People, especially older people, have had a lot of issues with Fortnite, whether it’s about children spending too much money in it or just the nature of the game itself. (“So you’re a banana and you shoot Thanos?”) We’ve documented a few of these troubles (here and here), but Indonesia might be banning it for reasons unrelated to its all-encompassing popularity or addictive nature.
The South China Morning Post is reporting that the country’s Tourism and Creative Economy Minister, Sandiaga Uno, has branded the game as “blasphemous” due to a viral video that shows a Fortnite player wielding a scythe and walking around an area that resembles the Great Mosque of Mecca, the Masjid al-Haram, as well as the Kaaba, which Muslims around the world face as they kneel for their daily prayers.
The video in question has been in circulation since 2019.
Sandiaga said that the Kaaba-like structure “must be destroyed by the players in order to earn new weapons and level up” and instructed his staff to research the game to discover whether it should be banned from the country. According to Fortnite’s Middle Eastern representatives, the Kaaba in the game was made by a fan in creative mode and doesn’t exist in the game’s official version.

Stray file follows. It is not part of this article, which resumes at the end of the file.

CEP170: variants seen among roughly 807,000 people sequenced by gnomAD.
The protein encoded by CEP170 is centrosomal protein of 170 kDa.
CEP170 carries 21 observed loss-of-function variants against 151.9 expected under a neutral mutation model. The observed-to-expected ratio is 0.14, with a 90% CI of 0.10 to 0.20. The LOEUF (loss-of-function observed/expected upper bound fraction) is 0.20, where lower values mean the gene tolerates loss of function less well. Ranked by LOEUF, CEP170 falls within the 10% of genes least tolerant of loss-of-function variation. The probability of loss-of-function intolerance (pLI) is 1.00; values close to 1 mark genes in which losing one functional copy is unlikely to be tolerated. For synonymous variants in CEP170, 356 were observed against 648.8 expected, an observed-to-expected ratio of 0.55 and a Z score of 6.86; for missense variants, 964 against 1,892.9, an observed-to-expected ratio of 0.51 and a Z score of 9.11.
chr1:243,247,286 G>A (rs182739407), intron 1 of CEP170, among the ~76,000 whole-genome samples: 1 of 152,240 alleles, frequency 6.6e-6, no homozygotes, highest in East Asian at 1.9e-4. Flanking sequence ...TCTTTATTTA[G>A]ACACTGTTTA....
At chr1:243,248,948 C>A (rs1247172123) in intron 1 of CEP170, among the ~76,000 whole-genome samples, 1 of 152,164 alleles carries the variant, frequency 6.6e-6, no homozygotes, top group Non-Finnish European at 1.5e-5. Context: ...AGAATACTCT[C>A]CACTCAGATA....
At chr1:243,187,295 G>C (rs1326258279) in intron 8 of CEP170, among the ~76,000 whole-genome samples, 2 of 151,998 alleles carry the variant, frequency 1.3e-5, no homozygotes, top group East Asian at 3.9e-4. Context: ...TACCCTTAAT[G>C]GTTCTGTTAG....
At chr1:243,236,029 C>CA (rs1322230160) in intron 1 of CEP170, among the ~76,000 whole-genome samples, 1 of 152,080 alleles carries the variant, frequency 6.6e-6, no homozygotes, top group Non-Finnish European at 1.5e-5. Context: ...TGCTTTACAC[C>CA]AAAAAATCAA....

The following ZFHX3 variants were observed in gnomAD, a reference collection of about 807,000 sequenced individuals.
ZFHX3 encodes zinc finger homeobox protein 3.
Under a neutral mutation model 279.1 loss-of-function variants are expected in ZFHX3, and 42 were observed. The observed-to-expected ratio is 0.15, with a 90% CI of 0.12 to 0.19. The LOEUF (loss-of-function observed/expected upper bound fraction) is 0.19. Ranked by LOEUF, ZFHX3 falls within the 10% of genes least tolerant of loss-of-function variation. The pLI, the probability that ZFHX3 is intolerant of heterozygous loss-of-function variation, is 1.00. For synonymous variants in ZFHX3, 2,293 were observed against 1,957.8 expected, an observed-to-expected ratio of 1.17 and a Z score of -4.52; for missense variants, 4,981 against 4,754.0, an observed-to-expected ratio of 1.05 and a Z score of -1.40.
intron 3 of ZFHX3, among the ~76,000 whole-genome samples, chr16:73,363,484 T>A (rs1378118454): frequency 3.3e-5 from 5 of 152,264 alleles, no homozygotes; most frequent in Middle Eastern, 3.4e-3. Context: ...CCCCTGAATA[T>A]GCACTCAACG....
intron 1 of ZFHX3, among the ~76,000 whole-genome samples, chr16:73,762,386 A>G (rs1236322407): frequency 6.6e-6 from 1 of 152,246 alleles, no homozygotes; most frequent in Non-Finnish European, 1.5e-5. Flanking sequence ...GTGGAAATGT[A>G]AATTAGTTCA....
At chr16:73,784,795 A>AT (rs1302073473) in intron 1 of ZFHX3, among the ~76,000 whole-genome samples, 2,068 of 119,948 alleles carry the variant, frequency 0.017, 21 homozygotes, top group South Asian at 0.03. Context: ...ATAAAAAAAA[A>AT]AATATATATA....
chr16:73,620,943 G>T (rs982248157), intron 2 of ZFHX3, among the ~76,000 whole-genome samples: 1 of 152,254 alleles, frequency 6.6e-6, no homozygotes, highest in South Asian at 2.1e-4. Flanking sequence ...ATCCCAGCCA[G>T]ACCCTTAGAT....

We’ve known for a long time that games that allow users to create their own content run the risk of producing something offensive — “TTP” or “time to penis” was a phrase that was coined to estimate how long after such tools were offered that it would take for someone to produce something resembling genitalia. Basic obscenities and vulgarities are the sorts of things that game developers usually stamp out quickly, but maybe they need to expand their scope to potentially blasphemous religious iconography, especially if something like this has been out in the wild for two years.